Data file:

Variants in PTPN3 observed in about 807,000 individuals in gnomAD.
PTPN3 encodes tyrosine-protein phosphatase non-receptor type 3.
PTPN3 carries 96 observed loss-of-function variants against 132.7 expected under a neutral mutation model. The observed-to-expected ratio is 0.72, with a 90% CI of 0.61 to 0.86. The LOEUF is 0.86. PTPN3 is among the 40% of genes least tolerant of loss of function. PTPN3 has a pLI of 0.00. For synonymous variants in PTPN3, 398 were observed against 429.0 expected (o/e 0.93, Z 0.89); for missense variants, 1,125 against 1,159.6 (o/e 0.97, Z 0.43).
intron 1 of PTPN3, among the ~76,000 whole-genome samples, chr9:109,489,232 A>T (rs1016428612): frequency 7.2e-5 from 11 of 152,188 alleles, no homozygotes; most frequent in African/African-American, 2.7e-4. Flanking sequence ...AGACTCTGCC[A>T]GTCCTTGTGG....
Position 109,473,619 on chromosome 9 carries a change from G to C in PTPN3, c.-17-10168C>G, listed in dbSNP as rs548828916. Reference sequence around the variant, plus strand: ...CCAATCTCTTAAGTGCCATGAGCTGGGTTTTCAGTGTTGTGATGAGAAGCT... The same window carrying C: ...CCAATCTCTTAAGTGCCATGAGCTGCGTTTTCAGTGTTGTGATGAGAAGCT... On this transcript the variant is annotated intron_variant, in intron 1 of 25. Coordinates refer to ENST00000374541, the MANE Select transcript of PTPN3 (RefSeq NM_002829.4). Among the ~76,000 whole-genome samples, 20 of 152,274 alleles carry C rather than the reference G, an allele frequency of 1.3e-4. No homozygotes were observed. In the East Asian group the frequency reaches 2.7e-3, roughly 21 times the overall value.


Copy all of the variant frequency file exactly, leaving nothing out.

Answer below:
Variants in PTPN3 observed in about 807,000 individuals in gnomAD.
PTPN3 encodes tyrosine-protein phosphatase non-receptor type 3.
PTPN3 carries 96 observed loss-of-function variants against 132.7 expected under a neutral mutation model. The observed-to-expected ratio is 0.72, with a 90% CI of 0.61 to 0.86. The LOEUF is 0.86. PTPN3 is among the 40% of genes least tolerant of loss of function. PTPN3 has a pLI of 0.00. For synonymous variants in PTPN3, 398 were observed against 429.0 expected (o/e 0.93, Z 0.89); for missense variants, 1,125 against 1,159.6 (o/e 0.97, Z 0.43).
intron 1 of PTPN3, among the ~76,000 whole-genome samples, chr9:109,489,232 A>T (rs1016428612): frequency 7.2e-5 from 11 of 152,188 alleles, no homozygotes; most frequent in African/African-American, 2.7e-4. Flanking sequence ...AGACTCTGCC[A>T]GTCCTTGTGG....
Position 109,473,619 on chromosome 9 carries a change from G to C in PTPN3, c.-17-10168C>G, listed in dbSNP as rs548828916. Reference sequence around the variant, plus strand: ...CCAATCTCTTAAGTGCCATGAGCTGGGTTTTCAGTGTTGTGATGAGAAGCT... The same window carrying C: ...CCAATCTCTTAAGTGCCATGAGCTGCGTTTTCAGTGTTGTGATGAGAAGCT... On this transcript the variant is annotated intron_variant, in intron 1 of 25. Coordinates refer to ENST00000374541, the MANE Select transcript of PTPN3 (RefSeq NM_002829.4). Among the ~76,000 whole-genome samples, 20 of 152,274 alleles carry C rather than the reference G, an allele frequency of 1.3e-4. No homozygotes were observed. In the East Asian group the frequency reaches 2.7e-3, roughly 21 times the overall value.